Congresswoman Jaime Herrera Beutler discusses agenda as shadow of opposition to President Donald Trump as a candidate looms over November election
VANCOUVER — Congresswoman Jaime Herrera Beutler did not vote for President Donald Trump.
That reality, which has been a point of criticism for some of her fellow Republicans, was very much in her mind last year as she held strong to her decision not to join a GOP attempt to repeal and replace the Affordable Care Act, also known as Obamacare.
She didn’t support Trump in the election. She didn’t support the effort by her congressional peers to deliver what amounted to a political victory for the president .
Then she got a presidential phone call on the day of the vote. He, of course, wanted her support.
Was he angry? Did he display the unique qualities that define him as one of the most unpredictable presidents in the history of the United States?
Not exactly, Herrera Beutler said in an interview with ClarkCountyToday.com after her late May jobs fair in Vancouver.
Trump, she said, was downright genial.
“He was a gentleman,” she said. “It was a fine conversation. I was ready for him to freak out on me just because I think I’d had several chairs broken over my back in the weeks leading up to that vote… I was ready for him to unload on me, and he was quite the opposite.”
In true Trump form, Herrera Beutler said the president was aware of the election results in the 3rd Congressional District, where about 51 percent of voters chose the New York businessman and Republican presidential nominee over his opponent, Democrat Hillary Clinton.
“I said, ‘You know what Mr. President? You won in my district,’” Herrera Beutler said. “And he said, Oh yeah, yeah I’ve got the numbers right here, 51 percent.’ I smiled because in my head I was like, ‘Well, I won with 63 percent.’ But I didn’t say that. I was talking to the leader of the free world. I wasn’t going to be insulting. I just said, ‘You’re right. You did. And that’s remarkable.”
The congresswoman said she told the president he had found success in many areas that have long been painted blue on the electoral map.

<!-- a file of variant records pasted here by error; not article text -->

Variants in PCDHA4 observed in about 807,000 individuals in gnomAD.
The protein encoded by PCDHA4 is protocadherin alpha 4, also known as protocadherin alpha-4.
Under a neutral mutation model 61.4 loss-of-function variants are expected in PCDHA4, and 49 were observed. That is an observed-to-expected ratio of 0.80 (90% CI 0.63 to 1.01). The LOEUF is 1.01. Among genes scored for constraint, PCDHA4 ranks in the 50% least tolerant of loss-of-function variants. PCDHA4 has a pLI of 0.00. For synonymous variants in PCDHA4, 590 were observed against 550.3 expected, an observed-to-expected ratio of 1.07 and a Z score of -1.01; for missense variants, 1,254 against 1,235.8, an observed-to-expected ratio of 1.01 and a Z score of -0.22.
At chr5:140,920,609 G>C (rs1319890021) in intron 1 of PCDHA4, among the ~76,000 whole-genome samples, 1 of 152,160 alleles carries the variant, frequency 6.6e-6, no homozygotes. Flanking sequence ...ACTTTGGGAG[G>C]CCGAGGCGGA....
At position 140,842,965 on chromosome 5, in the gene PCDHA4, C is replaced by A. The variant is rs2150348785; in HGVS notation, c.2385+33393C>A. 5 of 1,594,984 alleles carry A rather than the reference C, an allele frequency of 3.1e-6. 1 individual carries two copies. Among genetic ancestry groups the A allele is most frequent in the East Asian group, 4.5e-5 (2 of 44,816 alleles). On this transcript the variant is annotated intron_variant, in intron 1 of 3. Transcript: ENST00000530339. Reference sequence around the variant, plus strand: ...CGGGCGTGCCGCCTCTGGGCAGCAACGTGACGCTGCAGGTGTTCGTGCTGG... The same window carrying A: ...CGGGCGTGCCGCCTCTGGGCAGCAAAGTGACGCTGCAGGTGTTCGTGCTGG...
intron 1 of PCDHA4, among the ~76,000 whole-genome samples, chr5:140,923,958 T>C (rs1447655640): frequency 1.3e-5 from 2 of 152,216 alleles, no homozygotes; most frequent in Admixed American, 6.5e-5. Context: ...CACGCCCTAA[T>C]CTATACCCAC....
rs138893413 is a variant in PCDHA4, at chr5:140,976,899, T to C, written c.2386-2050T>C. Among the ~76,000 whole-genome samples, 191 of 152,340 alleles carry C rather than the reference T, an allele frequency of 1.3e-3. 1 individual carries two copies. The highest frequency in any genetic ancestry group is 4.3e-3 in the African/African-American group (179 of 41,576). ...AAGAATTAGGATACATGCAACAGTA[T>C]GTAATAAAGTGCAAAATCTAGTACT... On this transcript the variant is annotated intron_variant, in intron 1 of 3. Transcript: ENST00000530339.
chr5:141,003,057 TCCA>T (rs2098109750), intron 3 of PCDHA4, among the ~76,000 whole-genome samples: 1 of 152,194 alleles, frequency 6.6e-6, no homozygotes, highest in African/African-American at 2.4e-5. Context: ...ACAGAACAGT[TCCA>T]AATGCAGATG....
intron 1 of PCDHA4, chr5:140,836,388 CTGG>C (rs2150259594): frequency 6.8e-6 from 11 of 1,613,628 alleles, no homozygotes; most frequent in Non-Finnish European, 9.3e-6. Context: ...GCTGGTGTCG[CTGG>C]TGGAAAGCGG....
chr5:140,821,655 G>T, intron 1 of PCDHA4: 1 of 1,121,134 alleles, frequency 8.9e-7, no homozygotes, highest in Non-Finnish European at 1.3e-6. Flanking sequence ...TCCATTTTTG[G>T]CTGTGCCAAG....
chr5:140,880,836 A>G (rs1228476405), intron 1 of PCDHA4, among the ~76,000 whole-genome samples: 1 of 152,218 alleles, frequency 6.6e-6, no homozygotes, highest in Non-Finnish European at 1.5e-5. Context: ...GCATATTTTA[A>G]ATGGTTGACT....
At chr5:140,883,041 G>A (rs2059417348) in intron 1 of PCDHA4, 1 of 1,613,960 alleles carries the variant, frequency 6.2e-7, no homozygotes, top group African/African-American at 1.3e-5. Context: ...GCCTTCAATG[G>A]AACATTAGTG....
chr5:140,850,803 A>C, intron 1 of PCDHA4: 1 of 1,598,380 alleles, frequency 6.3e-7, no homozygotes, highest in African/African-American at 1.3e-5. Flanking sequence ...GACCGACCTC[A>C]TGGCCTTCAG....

“You won in counties, like, Democrat enclaves, that I have worked my tail off to earn support from these people,” Herrera Beutler recalled telling the president. “Because as a Republican, they just don’t vote for you, right. They’re good people but they vote Democrat. It’s just part of their ethos.”
The congresswoman said she was reminded how he had secured the votes of independent and even democrat voters by being something different from the status quo.
“Mr. President you won their vote,” she recalled saying. “And he was like, ‘Yep, sure did.’ And I said, ‘You know why you won their vote? Because you promised them. You said, ‘I am going to look out for you and you’re going to be better off. And they believed you. And I am going to help you keep your promise.’ And he goes, ‘OK,’ and I said, ‘That’s one of the reasons I can’t vote for this bill.”
Herrera Beutler called it a “crummy bill.”
Beyond that, she said it was a missed opportunity at bringing real changes to a truly broken health care system.
“It was just done wrong,” Herrera Beutler said. “It was stupid. We blew a big opportunity. We can’t leave it. We’re going to have to fix it.”
Now, as ballots for the Aug. 7 primary election arrive in the mailboxes of voters throughout Southwest Washington, Herrera Beutler faces a number of challengers from both sides of the political aisle. Among them are Democrats Carolyn Long, Dorothy Gasque, Martin Hash and David McDevitt. She’s faced sharp criticism from Republicans though. Her Republican opponents are Michael Cortney and Earl Bowerman, the latter whom has zoned in on Herrera Beutler’s perceived failure to support the president.